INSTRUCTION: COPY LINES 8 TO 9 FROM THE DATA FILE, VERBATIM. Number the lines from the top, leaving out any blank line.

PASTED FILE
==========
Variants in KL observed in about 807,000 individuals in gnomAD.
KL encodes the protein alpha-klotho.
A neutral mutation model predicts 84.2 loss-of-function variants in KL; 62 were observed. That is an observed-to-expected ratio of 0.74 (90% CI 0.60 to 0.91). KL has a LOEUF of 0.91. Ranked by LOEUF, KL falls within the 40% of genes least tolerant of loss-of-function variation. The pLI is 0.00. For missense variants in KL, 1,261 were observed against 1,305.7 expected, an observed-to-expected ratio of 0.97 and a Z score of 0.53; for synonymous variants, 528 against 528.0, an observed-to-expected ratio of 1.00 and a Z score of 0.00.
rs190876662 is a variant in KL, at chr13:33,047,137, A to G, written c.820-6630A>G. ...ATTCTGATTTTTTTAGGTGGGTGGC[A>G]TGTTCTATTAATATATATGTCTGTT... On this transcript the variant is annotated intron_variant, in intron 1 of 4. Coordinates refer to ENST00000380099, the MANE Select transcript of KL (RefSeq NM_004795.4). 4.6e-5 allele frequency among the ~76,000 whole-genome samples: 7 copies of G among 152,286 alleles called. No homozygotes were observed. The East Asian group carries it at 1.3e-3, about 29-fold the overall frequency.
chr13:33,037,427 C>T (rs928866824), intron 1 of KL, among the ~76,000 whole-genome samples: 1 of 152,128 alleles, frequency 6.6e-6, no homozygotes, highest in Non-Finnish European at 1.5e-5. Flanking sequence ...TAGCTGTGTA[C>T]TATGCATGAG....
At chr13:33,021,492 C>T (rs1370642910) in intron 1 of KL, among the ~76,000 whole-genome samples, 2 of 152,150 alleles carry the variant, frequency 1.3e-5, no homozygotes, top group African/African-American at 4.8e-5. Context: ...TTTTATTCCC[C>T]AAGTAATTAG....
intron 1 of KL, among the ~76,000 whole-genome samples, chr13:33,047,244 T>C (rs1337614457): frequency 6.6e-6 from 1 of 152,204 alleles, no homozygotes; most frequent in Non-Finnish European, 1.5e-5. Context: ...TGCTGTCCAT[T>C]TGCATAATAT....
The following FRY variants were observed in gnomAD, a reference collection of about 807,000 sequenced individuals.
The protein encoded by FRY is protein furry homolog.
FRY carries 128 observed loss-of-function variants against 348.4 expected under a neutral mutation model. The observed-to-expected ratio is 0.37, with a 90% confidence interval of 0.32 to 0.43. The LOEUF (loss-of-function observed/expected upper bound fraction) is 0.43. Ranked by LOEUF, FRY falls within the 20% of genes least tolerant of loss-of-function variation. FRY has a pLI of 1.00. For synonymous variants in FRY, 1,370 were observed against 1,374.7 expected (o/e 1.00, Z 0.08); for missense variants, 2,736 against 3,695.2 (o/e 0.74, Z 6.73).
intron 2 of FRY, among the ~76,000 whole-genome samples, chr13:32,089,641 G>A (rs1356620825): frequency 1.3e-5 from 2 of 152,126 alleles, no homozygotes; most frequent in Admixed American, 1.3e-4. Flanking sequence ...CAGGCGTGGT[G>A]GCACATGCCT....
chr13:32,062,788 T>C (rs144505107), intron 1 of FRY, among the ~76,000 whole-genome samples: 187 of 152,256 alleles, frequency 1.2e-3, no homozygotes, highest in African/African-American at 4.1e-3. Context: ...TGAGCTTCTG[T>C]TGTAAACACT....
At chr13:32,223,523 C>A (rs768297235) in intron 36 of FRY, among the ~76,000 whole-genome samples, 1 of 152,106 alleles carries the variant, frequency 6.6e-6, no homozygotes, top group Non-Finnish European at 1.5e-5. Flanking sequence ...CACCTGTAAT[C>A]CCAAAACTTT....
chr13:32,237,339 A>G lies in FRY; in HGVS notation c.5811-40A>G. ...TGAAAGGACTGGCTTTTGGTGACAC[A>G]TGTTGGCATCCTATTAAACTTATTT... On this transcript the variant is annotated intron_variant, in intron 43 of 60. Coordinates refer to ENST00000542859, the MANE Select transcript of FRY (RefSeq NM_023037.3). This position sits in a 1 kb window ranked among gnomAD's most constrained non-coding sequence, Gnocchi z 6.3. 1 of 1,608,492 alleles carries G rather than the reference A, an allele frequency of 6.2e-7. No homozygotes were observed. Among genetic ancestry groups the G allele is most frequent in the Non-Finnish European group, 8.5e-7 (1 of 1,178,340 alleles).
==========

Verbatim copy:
The following FRY variants were observed in gnomAD, a reference collection of about 807,000 sequenced individuals.
The protein encoded by FRY is protein furry homolog.